Have you included a lot of your life experiences, even friends, in the plot? Yes and no.  I did not model any of the characters after friends or people that I know.  I did, however, include references to certain interests that I have in my book:  I’m a huge hair and makeup fan, I used to work in a mortgage department at a bank, I now work in the insurance industry, I have an autographed Red Wings picture hanging in my house.  In order to ground things in reality, I had to write about certain things that I knew.  It would be nearly impossible for me to write about an astronaut living in Russia because I would have no idea what I was talking about.  But the plot twists and turns are purely fiction.  Except for the joyride part: my friend and I took that same stretch of interstate in her dad’s Camaro one night, but I was too chicken to drive anywhere as fast as I had Lauren drive.  It just would have been anticlimactic to have her doing ten over the speed limit.

How important do you think villains are in a story? I don’t know that villain is an appropriate word in every circumstance, but I do think that a good conflict is important to drive story.  Writing and reading about people that are always happy and never disagree is overwhelmingly boring.  I wouldn’t really classify any of my characters as villains.  If we are using the term loosely and not as the twirl your mustache and laugh evilly as you tie a lady to the railroad tracks, I would say that the case could be made that both Eric and Matthew are villains, or at the very least antagonists.  Neither one is entirely good or bad.  They are both flawed and have made mistakes.

When everything she ever wanted turns out not to be enough…

Lauren Jefferies is on the verge of having it all. Hard work and determination have culminated in a promotion that promises to put her on track with her upwardly mobile boyfriend Eric. High school sweethearts and together for ten years, they are young enough to have their whole lives ahead of them, but old enough to have established themselves as forces to be reckoned with.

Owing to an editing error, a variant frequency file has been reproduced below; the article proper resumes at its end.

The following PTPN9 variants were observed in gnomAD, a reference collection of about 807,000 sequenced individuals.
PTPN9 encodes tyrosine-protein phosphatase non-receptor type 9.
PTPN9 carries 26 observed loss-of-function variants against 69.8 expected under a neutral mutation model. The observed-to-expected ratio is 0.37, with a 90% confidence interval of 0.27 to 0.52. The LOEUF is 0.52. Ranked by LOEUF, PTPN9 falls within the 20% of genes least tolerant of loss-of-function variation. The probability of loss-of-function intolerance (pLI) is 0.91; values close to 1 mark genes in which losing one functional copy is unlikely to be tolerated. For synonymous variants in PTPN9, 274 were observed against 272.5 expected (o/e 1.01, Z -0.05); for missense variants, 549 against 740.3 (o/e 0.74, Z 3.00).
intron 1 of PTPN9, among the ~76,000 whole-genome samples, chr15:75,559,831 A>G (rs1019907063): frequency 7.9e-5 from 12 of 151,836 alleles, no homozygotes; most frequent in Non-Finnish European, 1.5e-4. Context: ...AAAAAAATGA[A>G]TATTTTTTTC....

The news should be cause for celebration.

But taking the job means moving two hours away.

Instead of planning their reign as an up and coming power couple, they find their already tenuous relationship further damaged by their conflicting opinions. Eric doesn’t want her to leave. Lauren refuses to back down. In the end, she packs her things and heads up north to her new life, the abstract promise of figuring this all out later hanging between them.

Lauren settles into her new routine quite easily, thanks largely in part to her fast friendship with her roommate Blake. Blake’s companionship comes in a package deal with that of her older brother Matthew. One night over dinner, an innocent conversation leads to the discovery that the three of them have more in common than they’d ever imagined.

Ashamed of his role in the thread that ties them together, Matthew begins to withdraw. As Lauren devises a game plan to ease his torment, Eric inadvertently pushes them together with his selfish actions.

Lauren’s relationship with Eric continues to flounder. The distance is an issue, but Eric’s indifference does nothing to help. Every bright spot in their courtship is countered by darkness and bitterness. More often than not, Matthew is there to pick up the pieces that Eric leaves behind.

Prior to meeting Matthew, Lauren thought she knew what she wanted. Now that she’s just about to obtain everything on her list, she’s left to question if she ever really knew what that was.

Buy Now @ Amazon & Smashwords

Genre – Romance / Chick Lit

Rating – PG13

Connect with Alicia Renee Kline on Twitter

Website http://aliciareneekline.com/